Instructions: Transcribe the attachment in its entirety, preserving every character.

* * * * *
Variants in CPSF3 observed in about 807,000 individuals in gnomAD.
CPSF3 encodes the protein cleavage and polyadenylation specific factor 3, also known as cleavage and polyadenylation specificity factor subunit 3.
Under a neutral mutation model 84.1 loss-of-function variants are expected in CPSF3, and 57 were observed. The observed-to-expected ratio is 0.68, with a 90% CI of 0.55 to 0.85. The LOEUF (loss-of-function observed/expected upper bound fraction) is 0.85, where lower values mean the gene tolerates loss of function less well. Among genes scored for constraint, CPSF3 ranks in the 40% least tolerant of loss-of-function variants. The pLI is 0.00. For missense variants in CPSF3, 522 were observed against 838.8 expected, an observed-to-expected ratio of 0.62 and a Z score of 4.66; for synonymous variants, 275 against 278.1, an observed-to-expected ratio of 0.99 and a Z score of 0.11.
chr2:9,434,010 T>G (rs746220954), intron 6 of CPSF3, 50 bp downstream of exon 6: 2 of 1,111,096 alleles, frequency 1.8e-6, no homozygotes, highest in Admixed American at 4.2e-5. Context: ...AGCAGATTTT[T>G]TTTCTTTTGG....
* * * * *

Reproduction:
Variants in CPSF3 observed in about 807,000 individuals in gnomAD.
CPSF3 encodes the protein cleavage and polyadenylation specific factor 3, also known as cleavage and polyadenylation specificity factor subunit 3.
Under a neutral mutation model 84.1 loss-of-function variants are expected in CPSF3, and 57 were observed. The observed-to-expected ratio is 0.68, with a 90% CI of 0.55 to 0.85. The LOEUF (loss-of-function observed/expected upper bound fraction) is 0.85, where lower values mean the gene tolerates loss of function less well. Among genes scored for constraint, CPSF3 ranks in the 40% least tolerant of loss-of-function variants. The pLI is 0.00. For missense variants in CPSF3, 522 were observed against 838.8 expected, an observed-to-expected ratio of 0.62 and a Z score of 4.66; for synonymous variants, 275 against 278.1, an observed-to-expected ratio of 0.99 and a Z score of 0.11.
chr2:9,434,010 T>G (rs746220954), intron 6 of CPSF3, 50 bp downstream of exon 6: 2 of 1,111,096 alleles, frequency 1.8e-6, no homozygotes, highest in Admixed American at 4.2e-5. Context: ...AGCAGATTTT[T>G]TTTCTTTTGG....